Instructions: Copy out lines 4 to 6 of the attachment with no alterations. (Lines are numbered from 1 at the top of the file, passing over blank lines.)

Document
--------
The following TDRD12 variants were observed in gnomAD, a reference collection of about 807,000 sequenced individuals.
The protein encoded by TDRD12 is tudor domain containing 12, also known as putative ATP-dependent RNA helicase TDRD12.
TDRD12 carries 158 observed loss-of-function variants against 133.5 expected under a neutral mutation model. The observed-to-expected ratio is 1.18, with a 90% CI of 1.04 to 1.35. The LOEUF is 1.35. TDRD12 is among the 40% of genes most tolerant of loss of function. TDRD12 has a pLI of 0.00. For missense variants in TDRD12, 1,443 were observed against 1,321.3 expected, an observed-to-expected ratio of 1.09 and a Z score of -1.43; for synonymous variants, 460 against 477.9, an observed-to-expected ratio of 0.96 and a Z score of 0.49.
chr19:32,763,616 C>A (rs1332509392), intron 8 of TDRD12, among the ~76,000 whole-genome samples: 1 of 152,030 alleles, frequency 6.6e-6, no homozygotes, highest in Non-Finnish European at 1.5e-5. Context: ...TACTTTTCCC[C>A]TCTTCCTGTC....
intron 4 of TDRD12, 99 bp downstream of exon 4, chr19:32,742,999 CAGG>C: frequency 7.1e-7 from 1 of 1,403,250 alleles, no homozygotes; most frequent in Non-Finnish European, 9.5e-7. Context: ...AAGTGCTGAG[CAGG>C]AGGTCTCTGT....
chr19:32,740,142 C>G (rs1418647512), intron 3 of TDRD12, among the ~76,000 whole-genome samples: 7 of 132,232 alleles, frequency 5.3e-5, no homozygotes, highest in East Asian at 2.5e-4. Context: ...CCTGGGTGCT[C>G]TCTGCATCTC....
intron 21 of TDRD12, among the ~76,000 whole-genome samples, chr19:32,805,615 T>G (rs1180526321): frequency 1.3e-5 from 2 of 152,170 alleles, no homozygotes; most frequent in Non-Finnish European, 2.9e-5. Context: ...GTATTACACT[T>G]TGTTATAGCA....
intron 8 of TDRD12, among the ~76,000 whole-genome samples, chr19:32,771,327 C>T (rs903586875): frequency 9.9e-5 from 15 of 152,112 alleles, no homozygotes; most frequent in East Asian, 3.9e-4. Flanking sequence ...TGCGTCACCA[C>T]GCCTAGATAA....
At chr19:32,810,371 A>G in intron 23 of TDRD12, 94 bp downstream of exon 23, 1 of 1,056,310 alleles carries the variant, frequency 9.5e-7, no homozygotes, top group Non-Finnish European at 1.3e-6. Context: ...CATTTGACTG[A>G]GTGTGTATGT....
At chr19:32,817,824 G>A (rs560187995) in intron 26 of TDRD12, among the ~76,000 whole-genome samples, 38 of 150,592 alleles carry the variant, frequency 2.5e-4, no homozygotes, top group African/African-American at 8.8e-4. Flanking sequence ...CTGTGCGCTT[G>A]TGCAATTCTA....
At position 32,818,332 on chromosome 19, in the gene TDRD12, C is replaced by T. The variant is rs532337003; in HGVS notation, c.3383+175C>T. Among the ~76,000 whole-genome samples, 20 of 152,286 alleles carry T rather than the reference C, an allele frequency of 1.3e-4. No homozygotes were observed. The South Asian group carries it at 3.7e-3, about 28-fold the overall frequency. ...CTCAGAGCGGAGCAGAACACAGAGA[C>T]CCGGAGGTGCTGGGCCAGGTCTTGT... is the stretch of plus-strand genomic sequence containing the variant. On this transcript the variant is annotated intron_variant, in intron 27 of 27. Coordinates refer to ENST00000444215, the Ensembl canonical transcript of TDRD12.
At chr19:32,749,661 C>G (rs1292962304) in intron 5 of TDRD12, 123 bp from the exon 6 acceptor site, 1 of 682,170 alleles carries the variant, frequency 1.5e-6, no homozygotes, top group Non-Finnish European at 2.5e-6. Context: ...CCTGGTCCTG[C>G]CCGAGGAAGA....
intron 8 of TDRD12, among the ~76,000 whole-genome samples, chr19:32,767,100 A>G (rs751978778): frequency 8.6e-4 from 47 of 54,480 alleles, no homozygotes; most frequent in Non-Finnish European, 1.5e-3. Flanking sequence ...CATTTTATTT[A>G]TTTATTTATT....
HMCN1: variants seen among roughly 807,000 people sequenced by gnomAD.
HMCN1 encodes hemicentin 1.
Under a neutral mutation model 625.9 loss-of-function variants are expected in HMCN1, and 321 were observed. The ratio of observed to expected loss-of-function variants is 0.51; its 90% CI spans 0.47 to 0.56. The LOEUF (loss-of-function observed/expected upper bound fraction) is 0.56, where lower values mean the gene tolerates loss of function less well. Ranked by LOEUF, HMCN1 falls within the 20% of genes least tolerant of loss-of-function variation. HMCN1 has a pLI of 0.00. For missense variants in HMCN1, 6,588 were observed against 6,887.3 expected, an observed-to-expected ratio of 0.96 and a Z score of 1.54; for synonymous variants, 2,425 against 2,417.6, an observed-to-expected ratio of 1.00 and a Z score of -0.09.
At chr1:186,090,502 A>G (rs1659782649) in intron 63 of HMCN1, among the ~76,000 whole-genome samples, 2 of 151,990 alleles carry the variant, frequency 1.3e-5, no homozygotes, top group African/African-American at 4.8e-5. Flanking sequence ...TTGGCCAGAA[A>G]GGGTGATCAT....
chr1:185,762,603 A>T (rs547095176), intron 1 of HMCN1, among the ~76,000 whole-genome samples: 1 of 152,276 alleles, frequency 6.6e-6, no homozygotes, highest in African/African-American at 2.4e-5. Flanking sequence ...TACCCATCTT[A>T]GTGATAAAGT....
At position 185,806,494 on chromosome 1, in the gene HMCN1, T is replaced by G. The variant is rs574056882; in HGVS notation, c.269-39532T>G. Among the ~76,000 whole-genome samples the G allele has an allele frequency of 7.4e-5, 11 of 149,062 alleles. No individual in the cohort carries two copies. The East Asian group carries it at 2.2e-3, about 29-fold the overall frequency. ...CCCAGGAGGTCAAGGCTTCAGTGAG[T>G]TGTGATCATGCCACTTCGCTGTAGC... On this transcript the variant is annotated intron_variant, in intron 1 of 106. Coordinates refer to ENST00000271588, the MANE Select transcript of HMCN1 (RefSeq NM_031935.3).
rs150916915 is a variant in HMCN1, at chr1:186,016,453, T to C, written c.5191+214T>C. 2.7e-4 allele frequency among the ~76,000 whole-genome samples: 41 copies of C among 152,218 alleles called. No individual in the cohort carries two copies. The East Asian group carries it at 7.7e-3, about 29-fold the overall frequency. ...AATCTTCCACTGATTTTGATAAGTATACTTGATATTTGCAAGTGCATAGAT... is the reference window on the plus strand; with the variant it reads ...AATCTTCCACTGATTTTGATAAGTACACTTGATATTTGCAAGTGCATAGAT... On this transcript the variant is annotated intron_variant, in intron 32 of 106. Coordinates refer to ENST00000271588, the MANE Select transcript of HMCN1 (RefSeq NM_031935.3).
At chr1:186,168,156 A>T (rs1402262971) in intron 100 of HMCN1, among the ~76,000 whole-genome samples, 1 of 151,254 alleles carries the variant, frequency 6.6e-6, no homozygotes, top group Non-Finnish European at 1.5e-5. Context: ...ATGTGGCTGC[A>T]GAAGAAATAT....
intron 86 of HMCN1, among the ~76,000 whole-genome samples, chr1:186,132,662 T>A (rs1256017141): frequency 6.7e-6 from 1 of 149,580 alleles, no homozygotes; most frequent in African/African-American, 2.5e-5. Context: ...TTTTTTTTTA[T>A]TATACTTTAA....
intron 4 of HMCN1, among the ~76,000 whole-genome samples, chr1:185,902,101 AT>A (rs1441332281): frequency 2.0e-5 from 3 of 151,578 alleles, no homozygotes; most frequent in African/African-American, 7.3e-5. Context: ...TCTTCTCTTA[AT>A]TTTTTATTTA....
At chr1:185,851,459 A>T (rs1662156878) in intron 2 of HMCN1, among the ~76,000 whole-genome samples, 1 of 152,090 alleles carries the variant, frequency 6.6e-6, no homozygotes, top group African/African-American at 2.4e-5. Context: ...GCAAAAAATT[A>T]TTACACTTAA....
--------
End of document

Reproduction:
chr19:32,763,616 C>A (rs1332509392), intron 8 of TDRD12, among the ~76,000 whole-genome samples: 1 of 152,030 alleles, frequency 6.6e-6, no homozygotes, highest in Non-Finnish European at 1.5e-5. Context: ...TACTTTTCCC[C>A]TCTTCCTGTC....
intron 4 of TDRD12, 99 bp downstream of exon 4, chr19:32,742,999 CAGG>C: frequency 7.1e-7 from 1 of 1,403,250 alleles, no homozygotes; most frequent in Non-Finnish European, 9.5e-7. Context: ...AAGTGCTGAG[CAGG>C]AGGTCTCTGT....
chr19:32,740,142 C>G (rs1418647512), intron 3 of TDRD12, among the ~76,000 whole-genome samples: 7 of 132,232 alleles, frequency 5.3e-5, no homozygotes, highest in East Asian at 2.5e-4. Context: ...CCTGGGTGCT[C>G]TCTGCATCTC....